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Horticulture then and now, is a division of agriculture

Questions We're Often Asked: Horticulturalist


By —— Bio and Archives--November 24, 2018

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Questions We're Often Asked: Horticulturalist
Why are some people regarded as horticulturalists and others as gardeners? The smart explanation is that the former is merely a gardener with a panel van. Cute, but . . .

Go back far enough and it is suggested that gardening is the oldest occupation. (Occupation, please note; a pair of professions have been claimed to be the most ancient . . .). As with a surprising amount of the English language, horticulture finds its roots in Latin, the ancient Romans knowing more than a thing or two about the subject. Hortus then is a garden coupled with cultura or cultivation. So here we have, by extension, explanation for both horticulturalist and gardener—and are no further ahead.

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The classic explanation, of course, remains that attributed in the 1920s to the acid-tongues Dorothy Parker: “You can lead a # to culture but you cannot make her think.” Witty perhaps, but again we still lack a distinction.

Millenia or more passed with those engaged in raising vegetables, herbs, fruit, nuts and flowers referred to as ‘gardeners.’ This needn’t have been denigratory: the renowned Lancelot ‘Capability’ Brown was, after all, termed a ‘landscape gardener.’ The rise of the horticulturalist as opposed to gardener, emerged about the same time as Brown in the mid-18th century, with the establishment of agriculture as a science.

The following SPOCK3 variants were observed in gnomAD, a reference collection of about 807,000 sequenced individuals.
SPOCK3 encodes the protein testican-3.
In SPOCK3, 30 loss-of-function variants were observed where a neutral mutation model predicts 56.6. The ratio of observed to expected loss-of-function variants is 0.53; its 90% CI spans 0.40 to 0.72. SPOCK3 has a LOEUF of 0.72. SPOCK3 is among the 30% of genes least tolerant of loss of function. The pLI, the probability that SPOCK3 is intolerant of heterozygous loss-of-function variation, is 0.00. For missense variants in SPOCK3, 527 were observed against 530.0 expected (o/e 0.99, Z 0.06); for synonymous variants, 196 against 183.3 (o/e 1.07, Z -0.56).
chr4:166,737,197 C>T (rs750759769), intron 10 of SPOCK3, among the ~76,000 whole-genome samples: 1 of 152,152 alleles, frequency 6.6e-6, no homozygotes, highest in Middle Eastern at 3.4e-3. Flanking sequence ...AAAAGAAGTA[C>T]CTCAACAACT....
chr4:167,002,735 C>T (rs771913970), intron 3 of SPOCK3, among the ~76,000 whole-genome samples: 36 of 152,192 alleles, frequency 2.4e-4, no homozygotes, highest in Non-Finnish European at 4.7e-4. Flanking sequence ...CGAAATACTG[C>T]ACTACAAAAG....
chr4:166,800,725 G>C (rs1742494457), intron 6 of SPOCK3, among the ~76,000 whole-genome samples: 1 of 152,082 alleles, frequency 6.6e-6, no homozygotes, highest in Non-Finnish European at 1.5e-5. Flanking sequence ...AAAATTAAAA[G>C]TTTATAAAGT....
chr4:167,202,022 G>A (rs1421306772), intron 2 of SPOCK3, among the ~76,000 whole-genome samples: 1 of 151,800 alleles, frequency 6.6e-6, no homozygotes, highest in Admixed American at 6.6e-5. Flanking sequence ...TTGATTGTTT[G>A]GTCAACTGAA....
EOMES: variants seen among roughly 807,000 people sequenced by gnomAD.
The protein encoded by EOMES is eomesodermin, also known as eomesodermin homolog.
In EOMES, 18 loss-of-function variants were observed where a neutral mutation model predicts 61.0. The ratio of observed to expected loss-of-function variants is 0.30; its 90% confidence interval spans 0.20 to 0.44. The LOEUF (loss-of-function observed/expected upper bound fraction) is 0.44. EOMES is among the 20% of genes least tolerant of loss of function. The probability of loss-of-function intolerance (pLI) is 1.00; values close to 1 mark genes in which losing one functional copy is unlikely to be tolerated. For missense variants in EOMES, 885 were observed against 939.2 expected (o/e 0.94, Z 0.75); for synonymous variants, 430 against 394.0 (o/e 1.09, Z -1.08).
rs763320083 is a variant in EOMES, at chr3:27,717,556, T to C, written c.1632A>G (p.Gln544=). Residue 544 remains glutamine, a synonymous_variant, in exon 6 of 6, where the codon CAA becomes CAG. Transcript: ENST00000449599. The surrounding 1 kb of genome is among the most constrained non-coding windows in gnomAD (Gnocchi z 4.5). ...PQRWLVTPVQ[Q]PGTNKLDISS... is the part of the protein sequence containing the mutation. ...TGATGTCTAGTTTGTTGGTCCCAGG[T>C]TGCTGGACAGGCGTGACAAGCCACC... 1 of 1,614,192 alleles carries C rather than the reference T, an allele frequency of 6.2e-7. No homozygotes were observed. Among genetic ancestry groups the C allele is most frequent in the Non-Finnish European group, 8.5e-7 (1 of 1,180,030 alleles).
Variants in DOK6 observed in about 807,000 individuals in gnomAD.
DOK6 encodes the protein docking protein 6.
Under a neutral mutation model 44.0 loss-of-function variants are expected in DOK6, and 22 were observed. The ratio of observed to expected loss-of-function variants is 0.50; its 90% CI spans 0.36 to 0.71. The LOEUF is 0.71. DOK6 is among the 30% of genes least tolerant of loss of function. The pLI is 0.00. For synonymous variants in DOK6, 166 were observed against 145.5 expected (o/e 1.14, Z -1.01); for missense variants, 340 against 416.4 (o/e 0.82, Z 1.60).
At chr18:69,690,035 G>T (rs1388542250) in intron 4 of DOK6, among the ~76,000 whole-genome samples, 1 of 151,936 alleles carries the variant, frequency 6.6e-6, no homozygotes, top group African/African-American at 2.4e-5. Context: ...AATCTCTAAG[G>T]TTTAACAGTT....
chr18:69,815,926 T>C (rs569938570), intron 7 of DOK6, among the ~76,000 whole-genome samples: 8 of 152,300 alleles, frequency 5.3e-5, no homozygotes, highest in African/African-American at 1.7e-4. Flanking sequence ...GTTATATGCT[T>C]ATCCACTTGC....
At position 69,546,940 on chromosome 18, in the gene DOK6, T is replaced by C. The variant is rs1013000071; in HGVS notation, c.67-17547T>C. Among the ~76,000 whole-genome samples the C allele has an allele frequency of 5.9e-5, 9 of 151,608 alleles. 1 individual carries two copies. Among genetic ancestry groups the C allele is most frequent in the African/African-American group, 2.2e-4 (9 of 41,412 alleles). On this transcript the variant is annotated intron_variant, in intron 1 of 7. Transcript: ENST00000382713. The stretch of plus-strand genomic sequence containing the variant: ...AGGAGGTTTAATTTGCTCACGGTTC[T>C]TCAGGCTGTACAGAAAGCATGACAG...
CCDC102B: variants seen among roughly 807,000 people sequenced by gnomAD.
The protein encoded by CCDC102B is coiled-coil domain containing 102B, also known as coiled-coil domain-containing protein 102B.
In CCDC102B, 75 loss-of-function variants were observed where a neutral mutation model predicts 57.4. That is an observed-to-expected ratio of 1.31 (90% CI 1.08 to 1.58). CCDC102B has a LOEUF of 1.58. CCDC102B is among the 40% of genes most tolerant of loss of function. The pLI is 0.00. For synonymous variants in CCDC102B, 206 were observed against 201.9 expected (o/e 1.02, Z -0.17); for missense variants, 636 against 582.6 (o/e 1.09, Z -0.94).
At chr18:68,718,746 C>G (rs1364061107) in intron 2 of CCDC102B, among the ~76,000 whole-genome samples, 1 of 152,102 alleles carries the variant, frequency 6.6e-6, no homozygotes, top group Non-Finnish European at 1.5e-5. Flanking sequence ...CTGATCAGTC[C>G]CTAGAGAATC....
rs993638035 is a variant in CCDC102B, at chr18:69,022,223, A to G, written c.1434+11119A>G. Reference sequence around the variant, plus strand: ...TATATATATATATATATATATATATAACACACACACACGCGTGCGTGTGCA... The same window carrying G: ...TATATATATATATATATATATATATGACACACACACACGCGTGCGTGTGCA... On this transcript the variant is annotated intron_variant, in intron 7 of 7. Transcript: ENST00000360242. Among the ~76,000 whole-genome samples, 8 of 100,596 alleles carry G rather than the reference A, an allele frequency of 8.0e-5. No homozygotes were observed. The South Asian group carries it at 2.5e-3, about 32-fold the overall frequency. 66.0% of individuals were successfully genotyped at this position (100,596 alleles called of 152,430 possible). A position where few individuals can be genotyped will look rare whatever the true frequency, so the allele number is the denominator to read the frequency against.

Horticulture then and now, is a division of agriculture. It involves the intensive cultivation of food and ornamental crops as opposed to large-scale operations and while eschewing livestock. It may extend as well into ornamental enrichment, involving decorative shrubs, trees, annual and perennial flowers along with garden design, construction and maintenance.

Other aspects of horticulture involve commercial propagation and care of cut flowers and plants for interior decoration. It may extend to such specialities as turf management, water gardening, even therapy and consulting.

Today, gardening is a division of horticulture. Head gardener is still used to describe a professional who manages the grounds of a large estate, but the designation of gardener is more often applied today to a skilled amateur. He, or just as often she, has been defined as a hobbyist caring for plantings, containers, interior plantings, ornamentals, vegetables, fruits, herbs; it tends to be labour-intensive. More recently an unfortunate reversion occurred with municipally employed unskilled labour being referred to as ‘gardeners.’

In the long run, one wonders if the distinction matters. Robert Sellers recorded that the Chinese “Pu Yi, this man who was the Emperor, son of heaven, lord of 10,000 years who died happily as a humble gardener.” There are worse ways to depart for celestial landscapes.


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Wes Porter -- Bio and Archives | Comments

Wes Porter is a horticultural consultant and writer based in Toronto. Wes has over 40 years of experience in both temperate and tropical horticulture from three continents.


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